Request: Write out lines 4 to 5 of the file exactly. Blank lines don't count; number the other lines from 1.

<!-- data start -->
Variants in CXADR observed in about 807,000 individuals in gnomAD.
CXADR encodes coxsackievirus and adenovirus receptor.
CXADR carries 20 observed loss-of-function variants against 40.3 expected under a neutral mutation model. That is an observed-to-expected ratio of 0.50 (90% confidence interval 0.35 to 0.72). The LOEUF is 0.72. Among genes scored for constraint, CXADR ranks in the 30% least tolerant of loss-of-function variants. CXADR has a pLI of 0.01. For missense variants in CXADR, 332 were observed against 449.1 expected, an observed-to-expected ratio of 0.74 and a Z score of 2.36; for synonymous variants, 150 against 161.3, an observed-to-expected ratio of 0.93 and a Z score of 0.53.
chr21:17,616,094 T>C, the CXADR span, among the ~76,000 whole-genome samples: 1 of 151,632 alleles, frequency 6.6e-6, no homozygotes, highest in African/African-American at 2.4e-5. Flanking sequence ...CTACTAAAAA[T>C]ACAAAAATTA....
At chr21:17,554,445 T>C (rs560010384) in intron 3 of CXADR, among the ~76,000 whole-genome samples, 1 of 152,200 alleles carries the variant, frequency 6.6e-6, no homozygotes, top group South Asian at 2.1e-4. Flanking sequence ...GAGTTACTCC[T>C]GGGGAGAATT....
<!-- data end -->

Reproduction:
chr21:17,616,094 T>C, the CXADR span, among the ~76,000 whole-genome samples: 1 of 151,632 alleles, frequency 6.6e-6, no homozygotes, highest in African/African-American at 2.4e-5. Flanking sequence ...CTACTAAAAA[T>C]ACAAAAATTA....
At chr21:17,554,445 T>C (rs560010384) in intron 3 of CXADR, among the ~76,000 whole-genome samples, 1 of 152,200 alleles carries the variant, frequency 6.6e-6, no homozygotes, top group South Asian at 2.1e-4. Flanking sequence ...GAGTTACTCC[T>C]GGGGAGAATT....